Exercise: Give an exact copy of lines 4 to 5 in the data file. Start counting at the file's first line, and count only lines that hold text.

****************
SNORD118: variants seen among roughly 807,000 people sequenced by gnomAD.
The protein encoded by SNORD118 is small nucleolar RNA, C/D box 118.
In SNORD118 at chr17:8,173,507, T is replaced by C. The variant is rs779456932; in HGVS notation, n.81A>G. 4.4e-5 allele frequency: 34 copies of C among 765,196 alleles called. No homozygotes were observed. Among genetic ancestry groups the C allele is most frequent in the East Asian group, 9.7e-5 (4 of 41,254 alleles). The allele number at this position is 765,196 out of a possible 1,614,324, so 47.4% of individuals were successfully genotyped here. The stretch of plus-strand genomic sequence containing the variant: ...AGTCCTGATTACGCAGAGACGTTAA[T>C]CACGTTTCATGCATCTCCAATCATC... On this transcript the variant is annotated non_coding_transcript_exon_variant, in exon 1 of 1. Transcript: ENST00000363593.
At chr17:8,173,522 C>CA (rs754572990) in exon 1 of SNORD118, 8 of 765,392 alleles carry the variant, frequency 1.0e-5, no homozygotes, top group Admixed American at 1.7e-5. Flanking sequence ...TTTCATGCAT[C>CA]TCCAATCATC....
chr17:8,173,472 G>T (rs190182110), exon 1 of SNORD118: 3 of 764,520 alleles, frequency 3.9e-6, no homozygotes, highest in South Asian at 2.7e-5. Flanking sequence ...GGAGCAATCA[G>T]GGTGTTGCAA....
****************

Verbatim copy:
At chr17:8,173,522 C>CA (rs754572990) in exon 1 of SNORD118, 8 of 765,392 alleles carry the variant, frequency 1.0e-5, no homozygotes, top group Admixed American at 1.7e-5. Flanking sequence ...TTTCATGCAT[C>CA]TCCAATCATC....
chr17:8,173,472 G>T (rs190182110), exon 1 of SNORD118: 3 of 764,520 alleles, frequency 3.9e-6, no homozygotes, highest in South Asian at 2.7e-5. Flanking sequence ...GGAGCAATCA[G>T]GGTGTTGCAA....